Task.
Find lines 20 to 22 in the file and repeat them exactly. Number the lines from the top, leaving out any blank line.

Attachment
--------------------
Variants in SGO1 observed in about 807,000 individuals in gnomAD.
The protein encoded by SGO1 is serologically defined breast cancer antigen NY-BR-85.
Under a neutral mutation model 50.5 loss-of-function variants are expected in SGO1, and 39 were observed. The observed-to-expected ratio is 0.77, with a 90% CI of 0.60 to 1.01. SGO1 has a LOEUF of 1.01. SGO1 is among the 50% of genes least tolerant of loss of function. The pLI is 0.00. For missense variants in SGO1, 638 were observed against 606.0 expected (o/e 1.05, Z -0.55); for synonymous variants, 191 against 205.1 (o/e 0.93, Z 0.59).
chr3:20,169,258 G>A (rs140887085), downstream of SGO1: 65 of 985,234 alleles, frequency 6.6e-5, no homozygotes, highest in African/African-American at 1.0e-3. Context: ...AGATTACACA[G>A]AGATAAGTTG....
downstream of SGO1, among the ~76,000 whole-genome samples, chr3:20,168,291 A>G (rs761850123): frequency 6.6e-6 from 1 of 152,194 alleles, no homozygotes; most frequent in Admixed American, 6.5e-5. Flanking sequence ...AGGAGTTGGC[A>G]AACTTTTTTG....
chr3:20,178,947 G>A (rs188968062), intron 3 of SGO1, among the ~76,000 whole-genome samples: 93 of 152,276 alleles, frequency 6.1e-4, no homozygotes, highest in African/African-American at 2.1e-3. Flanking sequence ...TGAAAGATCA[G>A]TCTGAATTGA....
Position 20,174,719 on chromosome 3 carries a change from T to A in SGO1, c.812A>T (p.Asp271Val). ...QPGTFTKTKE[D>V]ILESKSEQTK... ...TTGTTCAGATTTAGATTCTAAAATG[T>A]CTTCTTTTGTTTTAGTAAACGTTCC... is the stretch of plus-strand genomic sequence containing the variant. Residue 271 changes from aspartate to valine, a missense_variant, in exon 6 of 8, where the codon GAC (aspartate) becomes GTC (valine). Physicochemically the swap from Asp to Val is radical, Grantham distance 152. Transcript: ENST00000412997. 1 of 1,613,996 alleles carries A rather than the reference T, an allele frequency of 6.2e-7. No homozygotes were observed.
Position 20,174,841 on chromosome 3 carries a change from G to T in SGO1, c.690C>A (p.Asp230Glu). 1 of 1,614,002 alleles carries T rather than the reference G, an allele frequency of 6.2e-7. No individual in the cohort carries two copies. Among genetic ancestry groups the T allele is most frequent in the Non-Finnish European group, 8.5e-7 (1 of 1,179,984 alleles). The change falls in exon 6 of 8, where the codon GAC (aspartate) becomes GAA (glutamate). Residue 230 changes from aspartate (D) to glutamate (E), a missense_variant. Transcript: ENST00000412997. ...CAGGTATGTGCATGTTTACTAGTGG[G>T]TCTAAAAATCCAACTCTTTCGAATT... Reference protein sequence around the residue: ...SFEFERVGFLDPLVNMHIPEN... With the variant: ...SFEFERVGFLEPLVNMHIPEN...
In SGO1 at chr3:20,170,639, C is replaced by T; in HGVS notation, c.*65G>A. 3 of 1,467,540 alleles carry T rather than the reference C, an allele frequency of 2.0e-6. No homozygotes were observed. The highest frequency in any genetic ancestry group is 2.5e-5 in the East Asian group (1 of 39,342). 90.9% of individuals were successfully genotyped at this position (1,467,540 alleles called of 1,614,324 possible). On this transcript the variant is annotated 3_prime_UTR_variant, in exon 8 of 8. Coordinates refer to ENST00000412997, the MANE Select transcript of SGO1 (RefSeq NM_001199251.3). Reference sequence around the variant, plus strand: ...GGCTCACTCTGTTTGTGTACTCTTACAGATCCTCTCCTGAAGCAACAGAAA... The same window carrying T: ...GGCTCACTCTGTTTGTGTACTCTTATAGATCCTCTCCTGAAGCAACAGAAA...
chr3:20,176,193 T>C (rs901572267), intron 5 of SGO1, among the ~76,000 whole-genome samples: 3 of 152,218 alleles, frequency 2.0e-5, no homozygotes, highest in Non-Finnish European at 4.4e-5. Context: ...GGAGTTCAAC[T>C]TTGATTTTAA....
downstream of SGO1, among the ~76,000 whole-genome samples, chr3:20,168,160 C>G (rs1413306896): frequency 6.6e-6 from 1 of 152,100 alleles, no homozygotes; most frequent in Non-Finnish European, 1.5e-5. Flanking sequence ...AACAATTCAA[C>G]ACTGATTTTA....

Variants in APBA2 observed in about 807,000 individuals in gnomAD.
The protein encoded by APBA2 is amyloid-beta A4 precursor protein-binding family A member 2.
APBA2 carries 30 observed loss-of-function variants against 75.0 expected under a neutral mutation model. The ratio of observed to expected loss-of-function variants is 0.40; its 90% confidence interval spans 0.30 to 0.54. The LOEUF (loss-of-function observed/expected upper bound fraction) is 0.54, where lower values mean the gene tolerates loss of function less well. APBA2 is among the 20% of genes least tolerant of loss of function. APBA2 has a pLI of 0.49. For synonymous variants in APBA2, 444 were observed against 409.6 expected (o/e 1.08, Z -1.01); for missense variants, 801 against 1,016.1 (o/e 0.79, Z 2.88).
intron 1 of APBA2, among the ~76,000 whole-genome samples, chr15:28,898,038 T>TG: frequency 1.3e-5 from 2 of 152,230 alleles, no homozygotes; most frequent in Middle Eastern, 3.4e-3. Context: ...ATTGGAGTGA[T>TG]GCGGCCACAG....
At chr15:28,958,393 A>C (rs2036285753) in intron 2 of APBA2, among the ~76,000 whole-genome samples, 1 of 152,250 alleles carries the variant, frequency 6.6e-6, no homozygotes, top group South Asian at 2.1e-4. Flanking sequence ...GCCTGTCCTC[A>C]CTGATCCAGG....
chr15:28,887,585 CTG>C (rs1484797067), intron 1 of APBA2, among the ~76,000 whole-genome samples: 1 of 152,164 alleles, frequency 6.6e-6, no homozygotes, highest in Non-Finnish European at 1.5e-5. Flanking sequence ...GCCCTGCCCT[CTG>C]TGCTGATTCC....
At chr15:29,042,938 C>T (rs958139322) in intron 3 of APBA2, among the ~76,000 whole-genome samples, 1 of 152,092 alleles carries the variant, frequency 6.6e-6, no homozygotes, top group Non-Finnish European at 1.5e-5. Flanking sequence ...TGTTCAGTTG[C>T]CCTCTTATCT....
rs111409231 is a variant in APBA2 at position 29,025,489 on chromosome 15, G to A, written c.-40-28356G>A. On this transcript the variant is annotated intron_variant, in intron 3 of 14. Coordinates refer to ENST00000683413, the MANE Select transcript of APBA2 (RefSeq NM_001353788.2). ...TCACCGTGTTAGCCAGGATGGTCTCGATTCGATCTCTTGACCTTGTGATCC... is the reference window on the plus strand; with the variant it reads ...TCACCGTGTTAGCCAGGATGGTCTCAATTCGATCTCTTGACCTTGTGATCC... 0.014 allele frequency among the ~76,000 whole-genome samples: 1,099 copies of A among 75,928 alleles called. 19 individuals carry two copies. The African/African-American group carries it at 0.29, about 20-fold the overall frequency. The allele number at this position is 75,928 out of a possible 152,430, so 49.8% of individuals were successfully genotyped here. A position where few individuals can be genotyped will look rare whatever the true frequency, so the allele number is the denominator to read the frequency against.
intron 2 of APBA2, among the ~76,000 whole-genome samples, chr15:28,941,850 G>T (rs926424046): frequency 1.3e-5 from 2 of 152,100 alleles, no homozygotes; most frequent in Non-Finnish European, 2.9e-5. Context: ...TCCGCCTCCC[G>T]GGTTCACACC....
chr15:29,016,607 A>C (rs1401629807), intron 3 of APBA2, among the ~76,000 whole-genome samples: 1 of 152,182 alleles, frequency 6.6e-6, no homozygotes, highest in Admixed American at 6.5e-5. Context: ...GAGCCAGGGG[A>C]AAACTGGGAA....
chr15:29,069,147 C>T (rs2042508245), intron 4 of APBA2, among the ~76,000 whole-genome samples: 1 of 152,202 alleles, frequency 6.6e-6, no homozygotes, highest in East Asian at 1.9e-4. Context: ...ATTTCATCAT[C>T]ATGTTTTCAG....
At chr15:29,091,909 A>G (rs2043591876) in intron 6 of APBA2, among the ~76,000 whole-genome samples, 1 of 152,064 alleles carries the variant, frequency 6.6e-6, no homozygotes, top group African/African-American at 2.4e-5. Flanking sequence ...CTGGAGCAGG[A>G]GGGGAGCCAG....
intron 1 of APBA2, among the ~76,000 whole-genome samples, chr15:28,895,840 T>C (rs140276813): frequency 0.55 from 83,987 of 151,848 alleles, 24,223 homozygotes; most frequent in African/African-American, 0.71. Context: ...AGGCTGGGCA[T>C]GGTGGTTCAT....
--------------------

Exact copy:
intron 2 of APBA2, among the ~76,000 whole-genome samples, chr15:28,941,850 G>T (rs926424046): frequency 1.3e-5 from 2 of 152,100 alleles, no homozygotes; most frequent in Non-Finnish European, 2.9e-5. Context: ...TCCGCCTCCC[G>T]GGTTCACACC....
chr15:29,016,607 A>C (rs1401629807), intron 3 of APBA2, among the ~76,000 whole-genome samples: 1 of 152,182 alleles, frequency 6.6e-6, no homozygotes, highest in Admixed American at 6.5e-5. Context: ...GAGCCAGGGG[A>C]AAACTGGGAA....
chr15:29,069,147 C>T (rs2042508245), intron 4 of APBA2, among the ~76,000 whole-genome samples: 1 of 152,202 alleles, frequency 6.6e-6, no homozygotes, highest in East Asian at 1.9e-4. Context: ...ATTTCATCAT[C>T]ATGTTTTCAG....